Using this scoring method Tron led the field with 9 points. The next closest macro archetypes are Rancor decks (with 6) and Chittering Rats decks (5).

These decks all conform to the same style of play even if the cards are exactly the same. All three decks run the same complement of Mulldrifters, Sea Gate Oracles, and Mnemonic Walls with Matteo opting for some extra power in Wretched Gryff. Nicolò ran the same four Prophetic Prisms as his Top 8 compatriots but added two copies of Expedition Map and a single Izzet Signet for added consistency. Only Jimmy opted to run an Evincar's Justice main to supplement Electrickery. The devil is in the details and each of these deck’s is correct for a different metagame.

Murasa Tron is an incredibly versatile deck that can leverage its overwhelming mana advantage to run an abundance of flexible answers. Pulse of Murasa has been a boon to decks of this stripe as it can retrieve a key piece while also boosting a life total. Being able to Evoke a Mulldrifter early to dig for lands or business and get it back after assembling Tron mana results in a huge swing in card economy. Pulse of Murasa has been so important to these decks that it has started to find its way into other builds of Tron.

Rhystic Tron has been around for some time despite lacking a breakthrough performance. In its older form it was more of a pure control deck with a Tron mana engine, complete with Azorius Signet, that could turn into a soft prison deck. The key card to this archetype is Rhystic Circle, which can completely shut down attacks, including those from creatures with Hexproof. Since Tron decks will almost always have a mana advantage they could conceivably cast this Fog every turn. As we all know, Colorless is not a color so the trick does not work on Ulamog's Crusher (remember Rhystic Circle can let opponents pay the mana as well) so eventually the Rise of the Eldrazi all-star comes down to start consuming permanents.

Mirco shaved the Signets but added another prison element in the Stonehorn Dignitary lock. Much like Chittering Rats and Archaeomancer, Stonehorn Dignitary and Mnemonic Wall can lock an opponent out of attack steps with Ghostly Flicker. In Rhystic Tron this makes tons of sense as it lets you build up mana until the Rhystic Circle lock can be established. Mirco has dipped into Green for Pulse of Murasa and Moment's Peace. This deck looks like a solid option for the aggressive leaning digital metagame.

Gian’s deck looks a lot like the Murasa Tron lists except for a few key elements. First they are running two copies of Forbidden Alchemy. Alchemy is not completely alien to these decks as many have run a copy to supplement Impulse in the past. The advantage of Forbidden Alchemy is that it can find anything and dump cards into the graveyard. In a Murasa Tron deck that makes perfect sense but here Gian has opted for Grim Harvest. Grim Harvest is a powerful card that can generate massive advantage over a long game but lacks the life gain. Gian is not running that much more removal than the other Tron decks so this leads me to believe that the metagame at Paupergeddon was not as aggressive as the typical online results.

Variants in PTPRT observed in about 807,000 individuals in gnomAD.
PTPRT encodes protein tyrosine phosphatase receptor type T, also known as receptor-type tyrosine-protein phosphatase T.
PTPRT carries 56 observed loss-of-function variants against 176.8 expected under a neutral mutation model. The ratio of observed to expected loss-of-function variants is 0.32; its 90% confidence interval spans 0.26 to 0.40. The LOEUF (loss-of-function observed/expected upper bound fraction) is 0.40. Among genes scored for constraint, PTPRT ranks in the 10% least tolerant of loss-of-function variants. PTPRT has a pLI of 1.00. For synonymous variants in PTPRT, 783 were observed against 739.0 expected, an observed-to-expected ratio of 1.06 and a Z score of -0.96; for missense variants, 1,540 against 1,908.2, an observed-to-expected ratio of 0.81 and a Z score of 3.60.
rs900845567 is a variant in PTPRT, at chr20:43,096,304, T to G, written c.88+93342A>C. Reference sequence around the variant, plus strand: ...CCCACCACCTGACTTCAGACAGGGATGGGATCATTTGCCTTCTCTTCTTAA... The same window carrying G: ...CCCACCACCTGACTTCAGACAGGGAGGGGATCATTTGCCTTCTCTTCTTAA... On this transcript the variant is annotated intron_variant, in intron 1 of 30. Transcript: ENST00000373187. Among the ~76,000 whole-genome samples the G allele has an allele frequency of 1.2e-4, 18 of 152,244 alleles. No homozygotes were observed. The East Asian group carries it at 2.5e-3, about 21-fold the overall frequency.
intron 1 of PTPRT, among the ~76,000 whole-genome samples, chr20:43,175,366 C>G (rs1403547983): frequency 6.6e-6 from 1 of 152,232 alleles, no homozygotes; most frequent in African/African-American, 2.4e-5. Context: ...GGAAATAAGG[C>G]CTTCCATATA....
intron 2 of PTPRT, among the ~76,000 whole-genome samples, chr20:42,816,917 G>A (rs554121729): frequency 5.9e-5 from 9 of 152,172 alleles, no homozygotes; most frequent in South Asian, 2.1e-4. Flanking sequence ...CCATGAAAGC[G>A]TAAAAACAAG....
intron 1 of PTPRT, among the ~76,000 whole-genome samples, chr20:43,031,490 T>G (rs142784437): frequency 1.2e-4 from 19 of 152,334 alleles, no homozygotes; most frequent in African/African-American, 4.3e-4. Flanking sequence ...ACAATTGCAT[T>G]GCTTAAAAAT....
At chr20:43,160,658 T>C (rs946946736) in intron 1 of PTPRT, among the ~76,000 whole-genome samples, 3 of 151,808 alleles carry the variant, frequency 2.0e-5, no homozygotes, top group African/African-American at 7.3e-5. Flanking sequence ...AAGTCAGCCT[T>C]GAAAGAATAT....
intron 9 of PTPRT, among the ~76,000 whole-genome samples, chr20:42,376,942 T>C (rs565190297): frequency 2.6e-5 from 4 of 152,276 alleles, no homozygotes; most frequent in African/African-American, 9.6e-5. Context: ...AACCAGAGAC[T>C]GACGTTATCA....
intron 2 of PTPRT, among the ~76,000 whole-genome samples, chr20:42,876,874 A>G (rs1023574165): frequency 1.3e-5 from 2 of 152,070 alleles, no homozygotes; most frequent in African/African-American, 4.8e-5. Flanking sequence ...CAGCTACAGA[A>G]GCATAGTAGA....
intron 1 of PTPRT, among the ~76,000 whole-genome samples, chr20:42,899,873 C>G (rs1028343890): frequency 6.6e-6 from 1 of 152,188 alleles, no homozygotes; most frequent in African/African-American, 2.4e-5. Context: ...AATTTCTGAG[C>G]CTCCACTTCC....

These decks all look fairly standard. Stompy is an established archetype and has become one of the more consistent clocks in the format. Cheap Green creatures backed up with multiple +4/+4 pump spells and Rancor do a great job of softening life totals. If Stompy decks continue along this path I think that cutting Vault Skirge and finding home for Aspect of Hydra might be a way to get an edge in mirror matches since that card has the potential to be significantly better than a Groundswell.

Lorenzo’s deck is cut from the stock cloth when it comes to Affinity. One Fling and one Temur Battle Rage along with the normal creature suite. Adrian added a second copy of Fling main and a two more copies of Temur Battle Rage in the sideboard. Also residing in the extra fifteen — a copy of Pulse of Murasa. The second card may seem a bit out of place at first but it makes sense when looking at a potential transformational sideboard. Bringing in two copies of Battle Rage turns this into a deck that looks closer to Stompy when factoring in the number of 4/4s. An early Carapace Forger can swing for eight starting turn three and Pulse of Murasa can do work rebuying a 4/4 to make sure you’re always Ferocious. I do not expect this plan to catch on but it is certainly interesting.